by Lewis Hinks, ASF Director of Programs for Nova Scotia and Prince Edward Island. Photos by Lewis Hinks/ASF
On a recent visit to the West River Sheet Harbour restoration project, one comment really caught my attention: “Individual salmon smolt have individual personalities.” Wait, what??!! Did I hear this right??
Apparently so. Dr. Christina Semeniuk of the University of Windsor in Ontario and her Laboratory Manager Kevyn Janisse were both at the West River Sheet Harbour site, studying the individual behavior of various wild smolt and trying to understand if it is affected by acidified water or by the liming treatments being used on that system to return the ecosystem to near neutral pH.
It is intriguing research, and a little bizarre to the uninformed.
West River Sheet Harbour Camp where Dr. Semeniuk is conducting experiments on Atlantic salmon smolt personality and the impact of acidified water.
Wild smolt are taken from the smolt wheel in the in the main West River which is being treated for acidification and from fyke nets in the untreated West Branch tributary and held in tanks next to the river.
Dr. Semeniuk works with the test setup for smolt personality research.
While waiting for the next test phase to begin, Dr. Semeniuk tells me about the five personality traits they are observing. Those are:
1. shy - bold: an individual’s response to a risky situation in a familiar or unfamiliar environment
2. exploration - avoidance: an individual’s response to a novel situation, such as an unfamiliar environment or object that is not easily confused with a potential threat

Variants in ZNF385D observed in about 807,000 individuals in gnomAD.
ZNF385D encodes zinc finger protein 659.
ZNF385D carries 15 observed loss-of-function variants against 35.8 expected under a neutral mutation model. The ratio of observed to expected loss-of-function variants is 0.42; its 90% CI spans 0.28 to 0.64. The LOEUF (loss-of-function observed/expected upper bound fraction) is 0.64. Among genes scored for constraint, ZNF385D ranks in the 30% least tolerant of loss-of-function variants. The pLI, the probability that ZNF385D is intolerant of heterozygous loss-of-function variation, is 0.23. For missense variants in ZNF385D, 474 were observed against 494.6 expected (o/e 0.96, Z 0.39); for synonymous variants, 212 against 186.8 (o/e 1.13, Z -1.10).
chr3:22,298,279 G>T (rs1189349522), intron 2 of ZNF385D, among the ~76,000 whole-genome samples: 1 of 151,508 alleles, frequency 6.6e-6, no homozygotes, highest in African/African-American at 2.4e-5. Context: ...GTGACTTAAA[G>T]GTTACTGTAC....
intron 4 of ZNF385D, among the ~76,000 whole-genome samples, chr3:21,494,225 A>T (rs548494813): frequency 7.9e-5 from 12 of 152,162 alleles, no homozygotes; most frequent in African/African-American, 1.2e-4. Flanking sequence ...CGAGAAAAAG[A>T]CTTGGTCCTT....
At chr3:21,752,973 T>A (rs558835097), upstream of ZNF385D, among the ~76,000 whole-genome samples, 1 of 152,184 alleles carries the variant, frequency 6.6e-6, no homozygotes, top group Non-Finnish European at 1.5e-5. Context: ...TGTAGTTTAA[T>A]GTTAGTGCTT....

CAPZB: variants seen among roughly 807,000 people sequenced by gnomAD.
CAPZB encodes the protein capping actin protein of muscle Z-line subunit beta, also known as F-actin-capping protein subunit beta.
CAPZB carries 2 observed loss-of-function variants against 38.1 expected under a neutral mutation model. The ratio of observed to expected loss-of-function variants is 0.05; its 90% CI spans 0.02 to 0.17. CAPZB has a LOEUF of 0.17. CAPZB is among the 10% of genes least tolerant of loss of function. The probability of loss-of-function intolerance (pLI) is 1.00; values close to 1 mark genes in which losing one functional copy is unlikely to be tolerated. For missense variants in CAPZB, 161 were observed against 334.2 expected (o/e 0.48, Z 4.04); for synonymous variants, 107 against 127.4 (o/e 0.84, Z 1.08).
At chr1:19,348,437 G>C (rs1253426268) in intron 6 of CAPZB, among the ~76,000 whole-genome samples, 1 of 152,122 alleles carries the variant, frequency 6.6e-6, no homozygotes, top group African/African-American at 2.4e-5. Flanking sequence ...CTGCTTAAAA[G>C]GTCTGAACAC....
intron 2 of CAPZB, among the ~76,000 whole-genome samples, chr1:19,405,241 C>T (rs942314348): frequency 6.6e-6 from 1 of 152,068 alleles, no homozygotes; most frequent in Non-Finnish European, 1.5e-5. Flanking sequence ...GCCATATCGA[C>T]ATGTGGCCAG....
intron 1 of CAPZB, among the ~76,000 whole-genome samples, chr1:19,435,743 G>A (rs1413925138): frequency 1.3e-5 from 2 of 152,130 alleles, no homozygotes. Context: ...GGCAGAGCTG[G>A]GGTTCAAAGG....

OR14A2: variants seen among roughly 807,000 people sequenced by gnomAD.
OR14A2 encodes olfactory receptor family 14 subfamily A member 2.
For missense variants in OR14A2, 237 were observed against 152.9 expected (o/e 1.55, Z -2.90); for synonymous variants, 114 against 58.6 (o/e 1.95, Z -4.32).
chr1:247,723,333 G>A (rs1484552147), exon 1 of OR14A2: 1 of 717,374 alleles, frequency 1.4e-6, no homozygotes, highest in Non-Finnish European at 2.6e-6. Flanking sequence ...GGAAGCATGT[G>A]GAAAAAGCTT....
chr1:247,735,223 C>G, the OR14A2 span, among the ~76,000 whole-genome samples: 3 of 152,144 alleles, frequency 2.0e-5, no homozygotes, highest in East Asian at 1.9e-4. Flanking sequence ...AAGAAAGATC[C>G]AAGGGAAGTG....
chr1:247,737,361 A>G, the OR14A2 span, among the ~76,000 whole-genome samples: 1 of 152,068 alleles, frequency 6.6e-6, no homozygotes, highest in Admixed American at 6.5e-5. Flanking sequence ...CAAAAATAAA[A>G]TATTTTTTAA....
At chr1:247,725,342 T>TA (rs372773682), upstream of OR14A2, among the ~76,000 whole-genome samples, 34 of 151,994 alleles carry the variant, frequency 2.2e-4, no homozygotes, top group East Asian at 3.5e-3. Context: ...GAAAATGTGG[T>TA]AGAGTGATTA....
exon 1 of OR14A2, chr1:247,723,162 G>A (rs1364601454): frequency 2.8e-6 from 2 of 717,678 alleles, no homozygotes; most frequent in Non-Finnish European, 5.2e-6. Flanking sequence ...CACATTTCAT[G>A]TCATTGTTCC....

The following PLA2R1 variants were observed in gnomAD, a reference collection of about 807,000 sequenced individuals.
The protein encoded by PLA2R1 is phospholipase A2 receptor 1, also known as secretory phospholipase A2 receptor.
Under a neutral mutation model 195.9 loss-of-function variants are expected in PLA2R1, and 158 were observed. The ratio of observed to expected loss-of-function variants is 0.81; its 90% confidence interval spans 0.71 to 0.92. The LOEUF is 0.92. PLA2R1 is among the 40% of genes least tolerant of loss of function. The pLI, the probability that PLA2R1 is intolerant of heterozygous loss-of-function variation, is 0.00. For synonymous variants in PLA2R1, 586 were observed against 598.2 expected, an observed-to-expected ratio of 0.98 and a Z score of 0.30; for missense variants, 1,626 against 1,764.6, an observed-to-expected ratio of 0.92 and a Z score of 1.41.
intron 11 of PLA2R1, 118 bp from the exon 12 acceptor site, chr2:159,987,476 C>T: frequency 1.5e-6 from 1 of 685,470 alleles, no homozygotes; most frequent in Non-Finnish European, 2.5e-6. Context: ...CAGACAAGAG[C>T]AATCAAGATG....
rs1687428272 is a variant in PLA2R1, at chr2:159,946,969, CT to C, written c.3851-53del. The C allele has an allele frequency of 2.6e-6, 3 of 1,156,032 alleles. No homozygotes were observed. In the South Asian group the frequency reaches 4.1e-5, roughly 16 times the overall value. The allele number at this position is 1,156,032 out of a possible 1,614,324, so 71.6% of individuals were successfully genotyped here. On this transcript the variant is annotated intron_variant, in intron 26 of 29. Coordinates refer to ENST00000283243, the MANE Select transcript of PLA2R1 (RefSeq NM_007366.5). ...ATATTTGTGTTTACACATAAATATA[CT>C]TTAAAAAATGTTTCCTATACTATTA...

3. activity: the activity level of an individual in a non-risky and familiar environment
4. aggressiveness: an individual’s pugnacity towards conspecifics in a social setting
5. sociability: an individual’s non-aggressive tendency to seek or avoid members of the same species
The test tanks are identical, in that they all have the same features and are the same size. There is a cinder block in the center to provide cover, gravel covering the tank bottom and each tank has a GoPro camera mounted overhead, recording all phases of the testing.
Kevyn Janisse turns on a GoPro camera
The first phase of the testing is to observe how the fish respond to their new environment.
Dr. Semeniuk talks about how different fish display these character types. Some are very shy and hide in the cinder block, some slowly and deliberately explore their new surroundings, some just hunker down in the tank, some move quickly, almost darting around the tank as if trying to escape – and maybe they are. The fish are allowed to adjust to their new surroundings for a half hour.
Phase 2 of the research is the introduction of food and how they react. Fish may be under stress or upset by the new environment, but they still have to eat to survive. How they adjust to the new environment and feed is quite important to the testing. They food used is natural insects and worms found in the environment.
Phase 3, is really interesting. After allowing the fish to ‘relax’ for ten minutes after the food trial, the smolts now are threatened – the threat taking the form of ‘Cletus’, a cormorant decoy.
Dr. Semeniuk introduces "Cletus" to the smolt's environment.
How the fish react to a predator is key to their survival. Many years ago, I read a research document that described how salmon that were stressed by acidification had reduced ability to feed, adjust to salt water, migrate and avoid predators. This phase gets to that last point. Some smolts swim up to Cletus, but that is not a good survival tactic. Some scatter for the cinder block and some just take it in stride. All interesting responses.
Phase 4 is the introduction of food again after another 10-minute rest following the Cletis incident. Again, though scared and stressed, a fish still has to eat to survive. How they react can be a indication of the impacts of acidification.
After a 1-hour recovery from all the tests, the smolts are then put into salt water for 24 hours to see how they adjust to the marine environment. Blood samples and gill samples are then taken to be analyzed.